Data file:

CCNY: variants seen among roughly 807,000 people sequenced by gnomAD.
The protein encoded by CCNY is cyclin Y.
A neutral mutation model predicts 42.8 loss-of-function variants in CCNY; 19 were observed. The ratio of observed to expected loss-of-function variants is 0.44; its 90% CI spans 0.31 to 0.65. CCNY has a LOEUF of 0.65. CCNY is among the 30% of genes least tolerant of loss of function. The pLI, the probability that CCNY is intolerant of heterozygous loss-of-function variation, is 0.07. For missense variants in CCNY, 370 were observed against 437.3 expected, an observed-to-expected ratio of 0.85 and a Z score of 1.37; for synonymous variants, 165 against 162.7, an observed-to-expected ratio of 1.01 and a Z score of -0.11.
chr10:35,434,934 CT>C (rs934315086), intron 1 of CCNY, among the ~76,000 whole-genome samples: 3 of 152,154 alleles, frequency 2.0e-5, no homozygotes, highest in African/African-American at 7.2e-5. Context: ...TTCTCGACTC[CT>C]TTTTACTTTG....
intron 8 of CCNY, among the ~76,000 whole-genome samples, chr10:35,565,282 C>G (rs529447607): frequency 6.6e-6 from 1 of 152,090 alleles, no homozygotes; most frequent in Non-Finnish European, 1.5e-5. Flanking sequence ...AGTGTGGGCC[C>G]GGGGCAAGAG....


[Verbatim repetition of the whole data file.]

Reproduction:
CCNY: variants seen among roughly 807,000 people sequenced by gnomAD.
The protein encoded by CCNY is cyclin Y.
A neutral mutation model predicts 42.8 loss-of-function variants in CCNY; 19 were observed. The ratio of observed to expected loss-of-function variants is 0.44; its 90% CI spans 0.31 to 0.65. CCNY has a LOEUF of 0.65. CCNY is among the 30% of genes least tolerant of loss of function. The pLI, the probability that CCNY is intolerant of heterozygous loss-of-function variation, is 0.07. For missense variants in CCNY, 370 were observed against 437.3 expected, an observed-to-expected ratio of 0.85 and a Z score of 1.37; for synonymous variants, 165 against 162.7, an observed-to-expected ratio of 1.01 and a Z score of -0.11.
chr10:35,434,934 CT>C (rs934315086), intron 1 of CCNY, among the ~76,000 whole-genome samples: 3 of 152,154 alleles, frequency 2.0e-5, no homozygotes, highest in African/African-American at 7.2e-5. Context: ...TTCTCGACTC[CT>C]TTTTACTTTG....
intron 8 of CCNY, among the ~76,000 whole-genome samples, chr10:35,565,282 C>G (rs529447607): frequency 6.6e-6 from 1 of 152,090 alleles, no homozygotes; most frequent in Non-Finnish European, 1.5e-5. Flanking sequence ...AGTGTGGGCC[C>G]GGGGCAAGAG....